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Functions and Scope

A function doesn't actually have to return a value. Instead, it can take information and use it to perform an action. (In other languages, this might be called a procedure or a subroutine.) For example, we can create a function that simply sets the $month and $year variables based on the values submitted with the form, as shown in Listing 2.

Listing 2—Functions that Don't Return a Value

...
function get_current_month(){

    $today = getdate(); 
    return $today['mon']; 
}

function get_current_year(){
    $today = getdate(); 
    return $today['year']; 
}

function set_month ($submittedMonth){

  global $month;

  if (!isset($submittedMonth)) {

    $month = get_current_month();

  } else {

    if ((intval($submittedMonth) > 0) && (intval($submittedMonth) <= 12)) {
     $month = $submittedMonth;
    } else {
     $month = get_current_month();
    }
  }

}

function set_year ($submittedYear) {

  global $year;

  if (!isset($submittedYear)) {

    $year = get_current_year();

  } else {

    if (intval($submittedYear) == $submittedYear) {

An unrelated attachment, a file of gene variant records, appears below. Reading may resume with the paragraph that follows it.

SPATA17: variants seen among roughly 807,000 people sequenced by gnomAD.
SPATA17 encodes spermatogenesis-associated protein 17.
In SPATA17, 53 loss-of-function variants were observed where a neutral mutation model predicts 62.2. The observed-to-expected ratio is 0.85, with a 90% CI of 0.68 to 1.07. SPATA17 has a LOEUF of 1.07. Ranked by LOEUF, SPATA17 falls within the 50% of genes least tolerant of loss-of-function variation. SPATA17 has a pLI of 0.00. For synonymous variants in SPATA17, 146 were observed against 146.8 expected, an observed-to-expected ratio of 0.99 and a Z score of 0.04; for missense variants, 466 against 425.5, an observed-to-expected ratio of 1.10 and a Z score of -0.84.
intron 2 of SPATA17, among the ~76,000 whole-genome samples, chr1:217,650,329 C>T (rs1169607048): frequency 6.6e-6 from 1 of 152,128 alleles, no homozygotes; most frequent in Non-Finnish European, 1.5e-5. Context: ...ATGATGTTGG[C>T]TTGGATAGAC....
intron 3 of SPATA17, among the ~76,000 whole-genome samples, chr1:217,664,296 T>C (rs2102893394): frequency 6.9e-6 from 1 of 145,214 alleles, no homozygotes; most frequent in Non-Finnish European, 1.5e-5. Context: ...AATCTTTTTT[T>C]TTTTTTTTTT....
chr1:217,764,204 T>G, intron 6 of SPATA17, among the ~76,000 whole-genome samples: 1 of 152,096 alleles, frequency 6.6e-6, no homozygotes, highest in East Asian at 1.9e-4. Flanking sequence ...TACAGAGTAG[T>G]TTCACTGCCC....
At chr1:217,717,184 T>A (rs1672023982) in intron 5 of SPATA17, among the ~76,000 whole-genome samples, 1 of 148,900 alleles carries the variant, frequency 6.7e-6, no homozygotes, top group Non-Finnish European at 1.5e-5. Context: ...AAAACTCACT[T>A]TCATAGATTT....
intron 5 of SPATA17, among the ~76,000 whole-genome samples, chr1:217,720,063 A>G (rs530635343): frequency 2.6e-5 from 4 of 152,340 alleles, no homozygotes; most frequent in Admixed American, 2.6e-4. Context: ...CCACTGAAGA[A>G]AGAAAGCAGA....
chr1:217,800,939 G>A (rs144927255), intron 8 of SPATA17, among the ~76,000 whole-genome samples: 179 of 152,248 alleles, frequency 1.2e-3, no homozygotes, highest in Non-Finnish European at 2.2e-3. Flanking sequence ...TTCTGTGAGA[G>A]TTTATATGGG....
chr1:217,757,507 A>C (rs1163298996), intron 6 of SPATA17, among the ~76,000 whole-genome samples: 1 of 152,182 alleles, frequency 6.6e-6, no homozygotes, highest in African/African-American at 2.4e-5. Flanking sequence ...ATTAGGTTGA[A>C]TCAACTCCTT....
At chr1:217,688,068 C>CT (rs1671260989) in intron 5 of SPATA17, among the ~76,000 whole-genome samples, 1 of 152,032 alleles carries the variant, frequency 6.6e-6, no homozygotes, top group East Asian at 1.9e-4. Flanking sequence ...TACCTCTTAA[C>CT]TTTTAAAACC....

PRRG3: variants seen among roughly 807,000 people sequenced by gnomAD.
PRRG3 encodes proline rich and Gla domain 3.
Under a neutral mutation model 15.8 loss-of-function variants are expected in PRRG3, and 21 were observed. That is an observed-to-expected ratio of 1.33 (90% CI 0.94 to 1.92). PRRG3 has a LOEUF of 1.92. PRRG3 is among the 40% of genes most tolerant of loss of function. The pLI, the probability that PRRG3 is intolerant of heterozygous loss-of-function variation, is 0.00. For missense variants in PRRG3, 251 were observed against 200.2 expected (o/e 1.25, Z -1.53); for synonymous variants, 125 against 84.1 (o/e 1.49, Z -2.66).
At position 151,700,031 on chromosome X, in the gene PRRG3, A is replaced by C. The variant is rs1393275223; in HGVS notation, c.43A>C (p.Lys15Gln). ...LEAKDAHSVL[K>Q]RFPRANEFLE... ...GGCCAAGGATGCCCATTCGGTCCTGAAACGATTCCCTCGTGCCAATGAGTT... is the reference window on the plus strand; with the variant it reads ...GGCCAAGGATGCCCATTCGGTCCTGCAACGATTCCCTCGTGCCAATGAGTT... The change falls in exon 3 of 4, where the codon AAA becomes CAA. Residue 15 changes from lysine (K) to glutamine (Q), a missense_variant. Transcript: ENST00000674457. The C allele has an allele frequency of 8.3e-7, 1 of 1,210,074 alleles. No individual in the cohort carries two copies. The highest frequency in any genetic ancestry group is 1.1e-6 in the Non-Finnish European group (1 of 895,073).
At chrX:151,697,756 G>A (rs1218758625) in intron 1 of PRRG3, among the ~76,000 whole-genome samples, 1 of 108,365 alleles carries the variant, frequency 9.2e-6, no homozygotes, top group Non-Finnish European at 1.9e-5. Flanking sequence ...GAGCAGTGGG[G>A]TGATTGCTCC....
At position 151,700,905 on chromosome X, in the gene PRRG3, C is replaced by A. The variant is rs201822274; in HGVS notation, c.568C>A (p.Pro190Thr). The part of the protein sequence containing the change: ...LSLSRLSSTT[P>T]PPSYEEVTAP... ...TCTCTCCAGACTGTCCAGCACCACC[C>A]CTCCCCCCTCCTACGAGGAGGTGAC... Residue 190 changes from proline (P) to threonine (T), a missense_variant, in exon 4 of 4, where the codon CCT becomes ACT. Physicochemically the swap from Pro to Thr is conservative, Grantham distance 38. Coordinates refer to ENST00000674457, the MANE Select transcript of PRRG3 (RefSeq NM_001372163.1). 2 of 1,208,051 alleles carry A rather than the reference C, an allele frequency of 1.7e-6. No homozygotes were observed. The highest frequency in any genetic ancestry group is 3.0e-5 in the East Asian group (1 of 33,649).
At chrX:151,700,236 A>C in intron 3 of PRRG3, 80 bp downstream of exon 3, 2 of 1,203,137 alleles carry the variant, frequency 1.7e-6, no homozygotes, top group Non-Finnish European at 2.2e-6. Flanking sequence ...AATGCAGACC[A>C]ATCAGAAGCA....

$year = $submittedYear;
    } else {
     $year = get_current_year();
    }
  }
}

  //Initialize variables
  import_request_variables('pgc', 'g_');

  set_month($g_month);
  set_year($g_year);
...

Looking at set_month() in particular, we see that it takes a single argument, $submittedMonth, which is populated with the value of $g_month when the page calls set_month($g_month). The function then tests $submittedMonth to make sure that it's actually set. In other words, was a value of $g_month submitted with the form? And if it is, is it a positive integer less than or equal to 12? If either one of those tests fails, the function sets the value of $month by calling our previous function, get_current_month(). If neither test fails, the function sets the value to $submittedMonth.

In both cases, the function simply sets the value of the $month variable, but that's not quite the end of the story. Each function has its own scope, meaning that a variable declared within the function exists only within that function. For example, $submittedMonth has no value outside the function.

As a side effect of this behavior, if we simply referenced the $month variable within the function, we would set the value not of the main $month variable used by the rest of the application, but of a separate $month variable that exists only within the function.

To combat this, we can use the global keyword to tell the function to use the $month variable from the main application, rather than creating its own version.

Now we're ready to look at adding functions to classes.

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